A technological leap forward in the production of cotton fabrics

Findings in Nahal Omer in the Arava indicating extensive international trade in the seventh and eighth centuries AD. Photo: excavation team
Findings in Nahal Omer in the Arava indicating extensive international trade in the seventh and eighth centuries AD. Photo: excavation team

Nahal Omer is the most important in terms of textile finds of all the ancient sites discovered so far in Israel. The findings on the site show a leap forward in technological development. A large amount of cotton textiles were found on the site, some decorated with an Ikat pattern. In this technique the two are tied and dyed before weaving in a pre-prepared pattern. So far, Ikat cotton fabrics have been discovered in a small number of sites in the Middle East. On the other hand, in wall paintings in the caves of Ajanta in India, which date to the sixth century AD, figures are seen dressed in clothes decorated with patterns similar to those found in Nahal Omar.

The fabrics also provide greetings from Iran. Textiles made of white cotton and colored wool woven together in a complex weave were discovered on the site. They were used to make carpets and are still produced in a similar way in different regions of Iran and other countries in Central Asia. According to the researchers, the colors of the fabrics have been well preserved and they are decorated with a variety of colors and shapes in shades of blue color that comes from indigo, red from the colors, brown and more.

They also added that during the early Islamic period, the historic perfume route through which goods passed from southern Arabia to the Mediterranean ports during the Hellenistic and Roman periods was no longer active, and therefore they estimate that the excavation findings indicate for the first time changes in the nature of the road, its course, and the goods that passed through it in the processes of globalization. "The findings from the excavation reflect unique connections on a global scale with textile production sources in the Far East and add new information to the importance of the road in the regional and global aspect for the transfer of goods, people, technologies and ideas," said Prof. Bar Oz.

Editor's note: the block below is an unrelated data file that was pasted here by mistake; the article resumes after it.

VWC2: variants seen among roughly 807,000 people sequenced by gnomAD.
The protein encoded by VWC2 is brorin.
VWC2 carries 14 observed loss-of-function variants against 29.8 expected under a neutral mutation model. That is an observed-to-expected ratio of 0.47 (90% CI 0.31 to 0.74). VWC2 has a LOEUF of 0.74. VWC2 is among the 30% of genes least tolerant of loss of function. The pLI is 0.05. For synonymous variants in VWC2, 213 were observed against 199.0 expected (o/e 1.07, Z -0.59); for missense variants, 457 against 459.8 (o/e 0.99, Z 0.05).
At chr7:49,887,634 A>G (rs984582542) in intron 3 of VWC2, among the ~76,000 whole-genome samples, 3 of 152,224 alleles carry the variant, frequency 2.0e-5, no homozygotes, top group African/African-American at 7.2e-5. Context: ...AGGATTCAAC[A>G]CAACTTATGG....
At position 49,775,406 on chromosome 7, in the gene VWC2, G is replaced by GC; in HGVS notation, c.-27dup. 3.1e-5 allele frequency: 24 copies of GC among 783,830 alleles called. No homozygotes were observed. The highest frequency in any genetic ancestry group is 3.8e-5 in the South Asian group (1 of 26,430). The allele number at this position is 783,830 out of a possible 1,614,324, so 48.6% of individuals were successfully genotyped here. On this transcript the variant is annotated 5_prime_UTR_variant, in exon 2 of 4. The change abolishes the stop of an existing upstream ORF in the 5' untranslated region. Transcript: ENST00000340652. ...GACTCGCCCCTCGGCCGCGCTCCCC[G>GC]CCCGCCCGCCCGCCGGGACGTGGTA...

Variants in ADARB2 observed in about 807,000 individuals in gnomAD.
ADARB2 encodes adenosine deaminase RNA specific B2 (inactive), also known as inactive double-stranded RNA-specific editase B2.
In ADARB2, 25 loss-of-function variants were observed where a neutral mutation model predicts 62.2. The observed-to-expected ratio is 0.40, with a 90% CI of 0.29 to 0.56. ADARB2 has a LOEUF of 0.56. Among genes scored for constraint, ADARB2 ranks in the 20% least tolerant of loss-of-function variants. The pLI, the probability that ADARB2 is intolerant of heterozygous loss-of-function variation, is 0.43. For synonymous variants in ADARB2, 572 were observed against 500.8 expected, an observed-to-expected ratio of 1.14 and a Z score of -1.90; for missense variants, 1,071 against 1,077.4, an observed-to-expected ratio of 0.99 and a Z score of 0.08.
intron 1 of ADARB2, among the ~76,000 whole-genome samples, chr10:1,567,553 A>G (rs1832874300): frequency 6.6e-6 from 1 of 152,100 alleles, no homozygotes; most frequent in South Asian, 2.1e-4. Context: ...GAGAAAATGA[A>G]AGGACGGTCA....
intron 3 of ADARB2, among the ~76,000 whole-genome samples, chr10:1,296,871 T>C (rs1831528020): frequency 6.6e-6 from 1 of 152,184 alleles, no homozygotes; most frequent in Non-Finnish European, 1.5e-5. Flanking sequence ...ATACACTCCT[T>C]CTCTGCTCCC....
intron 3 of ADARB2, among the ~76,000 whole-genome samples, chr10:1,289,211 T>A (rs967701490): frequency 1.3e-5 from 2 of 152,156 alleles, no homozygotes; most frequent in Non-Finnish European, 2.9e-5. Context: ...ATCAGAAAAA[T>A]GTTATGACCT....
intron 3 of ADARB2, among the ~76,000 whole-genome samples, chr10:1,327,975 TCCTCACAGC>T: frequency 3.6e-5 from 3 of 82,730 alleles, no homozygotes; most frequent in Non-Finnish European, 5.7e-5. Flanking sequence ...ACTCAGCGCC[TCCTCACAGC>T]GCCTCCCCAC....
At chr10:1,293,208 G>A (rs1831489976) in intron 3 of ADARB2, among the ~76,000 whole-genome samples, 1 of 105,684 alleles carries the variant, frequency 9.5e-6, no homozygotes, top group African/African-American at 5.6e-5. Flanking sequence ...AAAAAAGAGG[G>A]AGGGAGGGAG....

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One response

  1. Are you confused?
    The finding is interesting and important
    But someone got confused in the dates and names as it is written:
    This path that diverged from the traditional path has passed
    From the north of Israel along the route of the perfumes road.
    Not true !
    The road we all know as the "perfume road" passes
    near Nahal Omer and not "to the north of Israel",
    The same road is known in Jordan (and Saudi Arabia) as the "Silk Road"
    Because of the connection to India and China and its use is known
    Since the third millennium BC,
    To confirm this, the "Silk Road" which is considered "traditional"
    who indeed "moved from the north of Israel"
    is the way opened by G. Marco Polo in the 11th century,
    In the article there was confusion between "the way of perfumes"
    the ancient one that passed through our provinces
    and the new and northern traditional Silk Road.
    The confusion is both in terms of dating and geographically,
    Too bad !